But Amy McAnarney, executive director of The Tax Institute, the research arm of H&R Block, stopped by The Early Show to quiz us on what you "need to know, if you owe."
Early Show anchor Russ Mitchell asked five important tax questions:
Question: I lost my job last year, but I know I owe taxes. I will file an extension, which gives me until October 15 to pay my tax bill. Is this fact or fiction?
"Just because you file an extension on your return doesn't mean it's extension to pay," McAnarney said. "You must bring your checkbook with you. You have to pay that bill. If you don't pay it you're going to be assessed interest just like credit cards.
"Also if you don't file the extension, the penalty could be greater. It could be up to 25 percent of your tax bill. So it's really important that you file the extension and you bring your checkbook."
Question: I'm struggling financially right now. So the IRS will work out a reasonable payment plan with me. Is this fact or fiction?
"In this tough economic time, the IRS is really working with taxpayers. Depending upon your need and the ability to pay, you could actually go on installment agreement to pay your tax bill," she said. "Or they have the special program called "Offer and Compromise," where you could actually have a reduced tax liability. So you need to work with your tax professional. Contact the IRS and they'll work with you."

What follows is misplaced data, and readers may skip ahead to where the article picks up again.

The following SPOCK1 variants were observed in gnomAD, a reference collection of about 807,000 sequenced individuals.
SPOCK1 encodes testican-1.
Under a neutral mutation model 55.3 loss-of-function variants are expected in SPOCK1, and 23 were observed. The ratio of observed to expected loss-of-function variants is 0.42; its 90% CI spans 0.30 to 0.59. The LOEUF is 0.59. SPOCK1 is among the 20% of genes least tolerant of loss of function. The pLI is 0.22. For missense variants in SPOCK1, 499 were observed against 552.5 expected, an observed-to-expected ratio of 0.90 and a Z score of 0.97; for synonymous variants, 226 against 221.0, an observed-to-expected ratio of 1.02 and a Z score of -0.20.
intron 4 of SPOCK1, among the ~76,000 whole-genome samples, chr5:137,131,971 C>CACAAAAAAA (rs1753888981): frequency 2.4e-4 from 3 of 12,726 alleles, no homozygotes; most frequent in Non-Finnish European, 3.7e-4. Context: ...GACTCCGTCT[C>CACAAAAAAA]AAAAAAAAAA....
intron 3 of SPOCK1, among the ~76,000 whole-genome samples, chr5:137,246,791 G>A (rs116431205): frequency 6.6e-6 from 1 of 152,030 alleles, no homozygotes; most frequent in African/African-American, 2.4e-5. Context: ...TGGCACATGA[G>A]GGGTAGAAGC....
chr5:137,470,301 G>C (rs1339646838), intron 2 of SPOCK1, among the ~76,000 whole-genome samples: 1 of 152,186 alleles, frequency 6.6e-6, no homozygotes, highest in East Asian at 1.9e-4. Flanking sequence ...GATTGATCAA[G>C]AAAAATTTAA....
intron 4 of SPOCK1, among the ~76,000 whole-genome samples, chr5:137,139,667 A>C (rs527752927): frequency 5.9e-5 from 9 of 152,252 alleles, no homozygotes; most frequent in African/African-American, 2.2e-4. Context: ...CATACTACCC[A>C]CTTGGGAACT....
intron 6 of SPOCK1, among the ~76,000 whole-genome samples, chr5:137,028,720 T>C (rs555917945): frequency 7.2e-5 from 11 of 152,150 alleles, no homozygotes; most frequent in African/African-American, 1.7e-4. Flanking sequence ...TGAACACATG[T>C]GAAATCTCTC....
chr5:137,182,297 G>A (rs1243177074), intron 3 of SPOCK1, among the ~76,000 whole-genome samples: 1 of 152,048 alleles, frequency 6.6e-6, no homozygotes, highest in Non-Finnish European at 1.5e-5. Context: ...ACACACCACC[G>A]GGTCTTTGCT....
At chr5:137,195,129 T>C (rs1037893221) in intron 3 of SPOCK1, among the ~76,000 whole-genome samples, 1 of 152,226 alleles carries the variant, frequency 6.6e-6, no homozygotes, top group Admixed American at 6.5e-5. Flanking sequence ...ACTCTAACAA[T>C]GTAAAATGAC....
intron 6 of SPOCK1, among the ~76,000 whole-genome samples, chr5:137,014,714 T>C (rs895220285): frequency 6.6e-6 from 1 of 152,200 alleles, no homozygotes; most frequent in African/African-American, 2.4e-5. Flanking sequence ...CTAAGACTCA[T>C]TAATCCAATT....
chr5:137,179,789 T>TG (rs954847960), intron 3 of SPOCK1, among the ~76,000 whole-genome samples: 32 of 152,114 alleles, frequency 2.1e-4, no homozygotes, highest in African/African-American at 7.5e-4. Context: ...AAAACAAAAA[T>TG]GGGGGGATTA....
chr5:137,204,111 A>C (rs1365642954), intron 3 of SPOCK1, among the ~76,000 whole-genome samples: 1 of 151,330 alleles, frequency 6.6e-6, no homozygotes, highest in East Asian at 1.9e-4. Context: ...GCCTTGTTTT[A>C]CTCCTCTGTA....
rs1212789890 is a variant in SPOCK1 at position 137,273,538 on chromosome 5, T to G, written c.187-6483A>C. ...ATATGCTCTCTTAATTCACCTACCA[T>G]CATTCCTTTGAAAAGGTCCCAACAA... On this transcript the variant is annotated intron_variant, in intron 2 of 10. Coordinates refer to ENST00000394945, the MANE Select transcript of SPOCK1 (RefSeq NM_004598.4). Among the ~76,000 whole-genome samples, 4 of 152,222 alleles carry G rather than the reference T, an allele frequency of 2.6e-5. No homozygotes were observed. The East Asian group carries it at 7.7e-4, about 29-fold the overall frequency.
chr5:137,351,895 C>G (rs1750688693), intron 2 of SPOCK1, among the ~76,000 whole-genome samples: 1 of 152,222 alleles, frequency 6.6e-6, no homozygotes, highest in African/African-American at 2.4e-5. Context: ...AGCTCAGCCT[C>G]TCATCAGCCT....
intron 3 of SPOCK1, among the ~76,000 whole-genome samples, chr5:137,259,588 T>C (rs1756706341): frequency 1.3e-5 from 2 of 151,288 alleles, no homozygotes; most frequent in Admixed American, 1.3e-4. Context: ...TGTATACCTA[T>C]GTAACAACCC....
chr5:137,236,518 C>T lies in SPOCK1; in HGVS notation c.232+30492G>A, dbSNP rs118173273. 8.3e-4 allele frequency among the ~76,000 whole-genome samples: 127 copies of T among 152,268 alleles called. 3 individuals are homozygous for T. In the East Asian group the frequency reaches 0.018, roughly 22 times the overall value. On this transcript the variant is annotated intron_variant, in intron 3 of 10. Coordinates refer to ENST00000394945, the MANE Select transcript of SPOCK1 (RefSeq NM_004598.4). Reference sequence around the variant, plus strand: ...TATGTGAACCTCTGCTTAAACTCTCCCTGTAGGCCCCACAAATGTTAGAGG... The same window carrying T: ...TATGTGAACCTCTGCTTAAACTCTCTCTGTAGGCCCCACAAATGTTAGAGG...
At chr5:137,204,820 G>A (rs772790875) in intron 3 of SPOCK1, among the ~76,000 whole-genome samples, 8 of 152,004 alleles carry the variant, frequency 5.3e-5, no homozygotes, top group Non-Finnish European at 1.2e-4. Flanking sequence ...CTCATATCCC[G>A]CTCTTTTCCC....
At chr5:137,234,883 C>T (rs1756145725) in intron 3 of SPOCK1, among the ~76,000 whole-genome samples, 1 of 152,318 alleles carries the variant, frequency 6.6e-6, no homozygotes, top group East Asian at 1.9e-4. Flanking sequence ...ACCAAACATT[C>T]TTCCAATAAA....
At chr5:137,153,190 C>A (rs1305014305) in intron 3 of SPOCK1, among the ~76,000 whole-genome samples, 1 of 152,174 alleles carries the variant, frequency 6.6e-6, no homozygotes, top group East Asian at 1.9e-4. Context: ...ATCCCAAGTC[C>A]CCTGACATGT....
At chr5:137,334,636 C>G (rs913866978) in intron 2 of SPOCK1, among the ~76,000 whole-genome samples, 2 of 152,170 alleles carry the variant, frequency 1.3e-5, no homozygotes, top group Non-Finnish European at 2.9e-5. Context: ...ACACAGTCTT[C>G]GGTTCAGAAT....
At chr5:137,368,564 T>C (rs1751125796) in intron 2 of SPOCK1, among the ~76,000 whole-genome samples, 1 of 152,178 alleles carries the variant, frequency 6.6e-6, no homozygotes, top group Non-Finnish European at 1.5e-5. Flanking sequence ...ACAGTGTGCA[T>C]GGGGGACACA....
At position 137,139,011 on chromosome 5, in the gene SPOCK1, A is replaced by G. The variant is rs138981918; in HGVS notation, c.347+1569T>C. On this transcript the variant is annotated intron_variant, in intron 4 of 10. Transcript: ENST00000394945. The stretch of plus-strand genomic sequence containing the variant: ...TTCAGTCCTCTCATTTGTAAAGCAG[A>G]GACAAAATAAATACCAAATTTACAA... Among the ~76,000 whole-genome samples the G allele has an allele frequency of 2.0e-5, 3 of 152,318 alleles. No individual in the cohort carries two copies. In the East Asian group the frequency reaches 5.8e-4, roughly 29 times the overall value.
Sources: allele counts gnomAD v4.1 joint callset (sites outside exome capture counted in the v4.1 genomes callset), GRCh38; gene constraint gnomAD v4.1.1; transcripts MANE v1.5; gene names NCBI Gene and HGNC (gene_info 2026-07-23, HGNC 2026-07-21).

Question: Yikes, it is April 14, I know I'm going to owe big and there is nothing I can do at this late date to lower my tax bill. Fact or fiction?
According to McAnarney, there are three things that you still can do, but you have less than 48 hours.
"You can contribute to an IRA. That's an oldie but a goodie," she explained. "Another one, health savings accounts. Contribute - maximize your health savings account.
"Finally, new this year, if you buy a house within the next 48 hours, you can get a tax deduction on this year's tax credit on your return this year. But even if you buy the house up until Dec. 1, 2009, you still can get that credit on this year's tax return. So file an amendment."
Question: I don't have enough in my bank account to pay my taxes. I know my 401(k) plan includes a hardship provision, so I'm going to cash in part of it to pay the bill, and I won't have to pay the typical penalties that are involved in 401(k) plan. Fact or fiction?
"You do have to pay the penalty. Hardship withdrawals are basically pulling money out of your 401(k), penalty is assessed," she said. "There is one exception though. If you've lost your job or terminated from your job and you're 55 years or older, that penalty probably can be waived."
Question: I paid my taxes, but I think I made a big mistake. Is it too late for me to recoup that money? Fact or fiction?
"So you can go back and amend your return for the last three years," McAnarney said. "And sometimes this is a great way to say, 'maybe I missed some credits or deductions in previous years.' Get it double checked."